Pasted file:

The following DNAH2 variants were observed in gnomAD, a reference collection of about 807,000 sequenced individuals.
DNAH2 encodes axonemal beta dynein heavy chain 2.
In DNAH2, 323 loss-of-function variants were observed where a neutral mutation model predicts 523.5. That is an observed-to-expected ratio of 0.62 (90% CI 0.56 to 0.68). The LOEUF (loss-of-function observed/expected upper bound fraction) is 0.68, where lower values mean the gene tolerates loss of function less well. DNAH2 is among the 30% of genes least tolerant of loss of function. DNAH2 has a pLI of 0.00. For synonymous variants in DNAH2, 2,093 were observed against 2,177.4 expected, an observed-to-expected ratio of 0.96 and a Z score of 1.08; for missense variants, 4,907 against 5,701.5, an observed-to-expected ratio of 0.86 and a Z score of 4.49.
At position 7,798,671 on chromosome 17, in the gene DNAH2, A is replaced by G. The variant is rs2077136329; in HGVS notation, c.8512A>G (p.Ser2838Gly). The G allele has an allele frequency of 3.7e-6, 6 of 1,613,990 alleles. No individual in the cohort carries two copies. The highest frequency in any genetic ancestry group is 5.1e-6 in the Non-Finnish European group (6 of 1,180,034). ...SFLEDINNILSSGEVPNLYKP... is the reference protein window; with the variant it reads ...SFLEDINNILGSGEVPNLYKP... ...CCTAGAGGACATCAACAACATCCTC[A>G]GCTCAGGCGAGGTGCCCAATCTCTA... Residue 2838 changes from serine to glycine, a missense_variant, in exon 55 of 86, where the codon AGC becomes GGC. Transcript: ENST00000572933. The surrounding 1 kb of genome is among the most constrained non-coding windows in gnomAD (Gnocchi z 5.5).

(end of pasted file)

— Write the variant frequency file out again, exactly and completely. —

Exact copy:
The following DNAH2 variants were observed in gnomAD, a reference collection of about 807,000 sequenced individuals.
DNAH2 encodes axonemal beta dynein heavy chain 2.
In DNAH2, 323 loss-of-function variants were observed where a neutral mutation model predicts 523.5. That is an observed-to-expected ratio of 0.62 (90% CI 0.56 to 0.68). The LOEUF (loss-of-function observed/expected upper bound fraction) is 0.68, where lower values mean the gene tolerates loss of function less well. DNAH2 is among the 30% of genes least tolerant of loss of function. DNAH2 has a pLI of 0.00. For synonymous variants in DNAH2, 2,093 were observed against 2,177.4 expected, an observed-to-expected ratio of 0.96 and a Z score of 1.08; for missense variants, 4,907 against 5,701.5, an observed-to-expected ratio of 0.86 and a Z score of 4.49.
At position 7,798,671 on chromosome 17, in the gene DNAH2, A is replaced by G. The variant is rs2077136329; in HGVS notation, c.8512A>G (p.Ser2838Gly). The G allele has an allele frequency of 3.7e-6, 6 of 1,613,990 alleles. No individual in the cohort carries two copies. The highest frequency in any genetic ancestry group is 5.1e-6 in the Non-Finnish European group (6 of 1,180,034). ...SFLEDINNILSSGEVPNLYKP... is the reference protein window; with the variant it reads ...SFLEDINNILGSGEVPNLYKP... ...CCTAGAGGACATCAACAACATCCTC[A>G]GCTCAGGCGAGGTGCCCAATCTCTA... Residue 2838 changes from serine to glycine, a missense_variant, in exon 55 of 86, where the codon AGC becomes GGC. Transcript: ENST00000572933. The surrounding 1 kb of genome is among the most constrained non-coding windows in gnomAD (Gnocchi z 5.5).